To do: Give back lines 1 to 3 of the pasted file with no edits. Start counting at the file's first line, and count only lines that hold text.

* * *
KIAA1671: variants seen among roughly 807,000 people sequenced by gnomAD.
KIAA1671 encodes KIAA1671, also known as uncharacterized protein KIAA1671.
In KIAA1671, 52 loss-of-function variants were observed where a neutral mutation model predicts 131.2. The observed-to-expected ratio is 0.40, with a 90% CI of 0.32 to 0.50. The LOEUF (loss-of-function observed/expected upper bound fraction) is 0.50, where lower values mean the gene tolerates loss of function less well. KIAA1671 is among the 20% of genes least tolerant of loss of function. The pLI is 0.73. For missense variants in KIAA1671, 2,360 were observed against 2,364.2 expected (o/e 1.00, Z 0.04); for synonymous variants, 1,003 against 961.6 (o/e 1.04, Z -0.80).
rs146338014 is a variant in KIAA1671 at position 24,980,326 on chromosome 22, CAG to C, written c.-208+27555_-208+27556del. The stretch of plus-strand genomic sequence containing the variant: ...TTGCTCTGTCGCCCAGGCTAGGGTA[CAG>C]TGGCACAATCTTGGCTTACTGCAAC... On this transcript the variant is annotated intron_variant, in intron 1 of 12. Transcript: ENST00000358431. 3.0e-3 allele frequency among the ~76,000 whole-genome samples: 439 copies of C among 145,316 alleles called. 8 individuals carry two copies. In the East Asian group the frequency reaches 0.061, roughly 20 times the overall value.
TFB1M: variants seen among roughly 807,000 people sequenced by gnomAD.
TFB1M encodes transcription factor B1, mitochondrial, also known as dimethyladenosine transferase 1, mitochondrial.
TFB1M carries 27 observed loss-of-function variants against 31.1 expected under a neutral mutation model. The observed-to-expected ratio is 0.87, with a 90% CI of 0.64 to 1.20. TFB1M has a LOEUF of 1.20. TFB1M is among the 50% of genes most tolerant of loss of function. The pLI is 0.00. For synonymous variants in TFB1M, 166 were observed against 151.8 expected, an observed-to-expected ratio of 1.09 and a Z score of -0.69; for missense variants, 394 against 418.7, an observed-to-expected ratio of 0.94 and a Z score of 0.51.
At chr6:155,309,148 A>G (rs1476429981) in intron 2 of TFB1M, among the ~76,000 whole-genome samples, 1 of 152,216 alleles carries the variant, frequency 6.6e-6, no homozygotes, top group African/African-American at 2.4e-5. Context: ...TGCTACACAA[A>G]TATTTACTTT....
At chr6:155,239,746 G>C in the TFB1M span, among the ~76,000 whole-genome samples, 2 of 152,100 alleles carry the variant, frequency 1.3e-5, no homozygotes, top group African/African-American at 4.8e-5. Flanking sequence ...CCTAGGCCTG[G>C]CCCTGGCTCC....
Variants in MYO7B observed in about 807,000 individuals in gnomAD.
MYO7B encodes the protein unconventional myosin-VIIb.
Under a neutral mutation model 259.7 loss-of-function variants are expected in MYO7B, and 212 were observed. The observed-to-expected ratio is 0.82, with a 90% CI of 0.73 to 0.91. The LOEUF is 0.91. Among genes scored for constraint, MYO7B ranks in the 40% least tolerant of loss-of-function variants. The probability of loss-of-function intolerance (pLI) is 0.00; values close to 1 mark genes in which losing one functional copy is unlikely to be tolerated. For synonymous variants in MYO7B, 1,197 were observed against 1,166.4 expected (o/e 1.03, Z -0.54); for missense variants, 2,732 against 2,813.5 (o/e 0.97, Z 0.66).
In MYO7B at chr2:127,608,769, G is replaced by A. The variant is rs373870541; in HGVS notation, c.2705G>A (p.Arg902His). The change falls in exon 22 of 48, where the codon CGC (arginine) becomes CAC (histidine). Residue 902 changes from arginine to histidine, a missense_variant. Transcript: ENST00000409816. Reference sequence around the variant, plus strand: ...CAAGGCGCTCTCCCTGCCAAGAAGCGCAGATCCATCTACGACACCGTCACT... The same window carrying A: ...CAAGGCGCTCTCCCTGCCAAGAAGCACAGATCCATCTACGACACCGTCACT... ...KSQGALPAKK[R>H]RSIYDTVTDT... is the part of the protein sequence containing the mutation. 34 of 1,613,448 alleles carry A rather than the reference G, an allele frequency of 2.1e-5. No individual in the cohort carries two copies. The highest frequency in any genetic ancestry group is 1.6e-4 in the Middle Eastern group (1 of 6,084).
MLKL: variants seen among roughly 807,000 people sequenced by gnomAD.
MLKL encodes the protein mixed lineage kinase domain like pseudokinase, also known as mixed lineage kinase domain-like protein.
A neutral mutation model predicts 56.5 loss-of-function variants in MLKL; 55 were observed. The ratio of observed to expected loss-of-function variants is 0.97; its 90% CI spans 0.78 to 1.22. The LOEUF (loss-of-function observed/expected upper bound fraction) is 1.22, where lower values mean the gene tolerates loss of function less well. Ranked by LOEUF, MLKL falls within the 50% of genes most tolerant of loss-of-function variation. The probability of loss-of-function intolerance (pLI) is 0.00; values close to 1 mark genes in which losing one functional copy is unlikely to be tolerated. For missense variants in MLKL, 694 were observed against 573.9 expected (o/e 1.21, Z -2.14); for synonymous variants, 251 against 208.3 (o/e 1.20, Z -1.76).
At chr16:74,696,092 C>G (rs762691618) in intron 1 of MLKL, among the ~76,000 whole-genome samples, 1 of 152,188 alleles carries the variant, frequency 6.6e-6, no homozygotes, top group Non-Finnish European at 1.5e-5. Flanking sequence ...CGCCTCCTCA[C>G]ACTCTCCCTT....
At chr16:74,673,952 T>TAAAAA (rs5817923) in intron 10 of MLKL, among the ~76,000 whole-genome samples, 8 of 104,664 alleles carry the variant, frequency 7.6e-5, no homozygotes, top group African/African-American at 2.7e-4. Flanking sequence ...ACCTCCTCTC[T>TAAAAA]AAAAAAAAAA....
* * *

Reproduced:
KIAA1671: variants seen among roughly 807,000 people sequenced by gnomAD.
KIAA1671 encodes KIAA1671, also known as uncharacterized protein KIAA1671.
In KIAA1671, 52 loss-of-function variants were observed where a neutral mutation model predicts 131.2. The observed-to-expected ratio is 0.40, with a 90% CI of 0.32 to 0.50. The LOEUF (loss-of-function observed/expected upper bound fraction) is 0.50, where lower values mean the gene tolerates loss of function less well. KIAA1671 is among the 20% of genes least tolerant of loss of function. The pLI is 0.73. For missense variants in KIAA1671, 2,360 were observed against 2,364.2 expected (o/e 1.00, Z 0.04); for synonymous variants, 1,003 against 961.6 (o/e 1.04, Z -0.80).